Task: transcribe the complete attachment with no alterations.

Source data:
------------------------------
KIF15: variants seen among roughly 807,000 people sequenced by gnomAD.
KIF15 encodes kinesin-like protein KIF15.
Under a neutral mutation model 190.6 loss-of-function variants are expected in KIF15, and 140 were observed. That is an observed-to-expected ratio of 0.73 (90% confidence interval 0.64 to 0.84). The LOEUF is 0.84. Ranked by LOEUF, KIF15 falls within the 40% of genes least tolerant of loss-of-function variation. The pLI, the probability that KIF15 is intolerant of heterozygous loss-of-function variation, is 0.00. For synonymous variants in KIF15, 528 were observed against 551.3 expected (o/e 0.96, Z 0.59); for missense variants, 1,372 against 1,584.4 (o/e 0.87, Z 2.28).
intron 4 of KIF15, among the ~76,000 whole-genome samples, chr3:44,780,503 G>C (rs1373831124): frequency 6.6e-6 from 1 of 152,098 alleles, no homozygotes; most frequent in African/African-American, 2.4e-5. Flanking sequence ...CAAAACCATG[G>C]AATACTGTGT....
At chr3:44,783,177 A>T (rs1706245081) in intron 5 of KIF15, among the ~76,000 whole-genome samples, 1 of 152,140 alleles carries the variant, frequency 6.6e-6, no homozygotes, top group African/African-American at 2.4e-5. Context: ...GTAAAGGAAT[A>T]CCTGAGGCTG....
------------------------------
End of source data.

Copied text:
KIF15: variants seen among roughly 807,000 people sequenced by gnomAD.
KIF15 encodes kinesin-like protein KIF15.
Under a neutral mutation model 190.6 loss-of-function variants are expected in KIF15, and 140 were observed. That is an observed-to-expected ratio of 0.73 (90% confidence interval 0.64 to 0.84). The LOEUF is 0.84. Ranked by LOEUF, KIF15 falls within the 40% of genes least tolerant of loss-of-function variation. The pLI, the probability that KIF15 is intolerant of heterozygous loss-of-function variation, is 0.00. For synonymous variants in KIF15, 528 were observed against 551.3 expected (o/e 0.96, Z 0.59); for missense variants, 1,372 against 1,584.4 (o/e 0.87, Z 2.28).
intron 4 of KIF15, among the ~76,000 whole-genome samples, chr3:44,780,503 G>C (rs1373831124): frequency 6.6e-6 from 1 of 152,098 alleles, no homozygotes; most frequent in African/African-American, 2.4e-5. Flanking sequence ...CAAAACCATG[G>C]AATACTGTGT....
At chr3:44,783,177 A>T (rs1706245081) in intron 5 of KIF15, among the ~76,000 whole-genome samples, 1 of 152,140 alleles carries the variant, frequency 6.6e-6, no homozygotes, top group African/African-American at 2.4e-5. Context: ...GTAAAGGAAT[A>T]CCTGAGGCTG....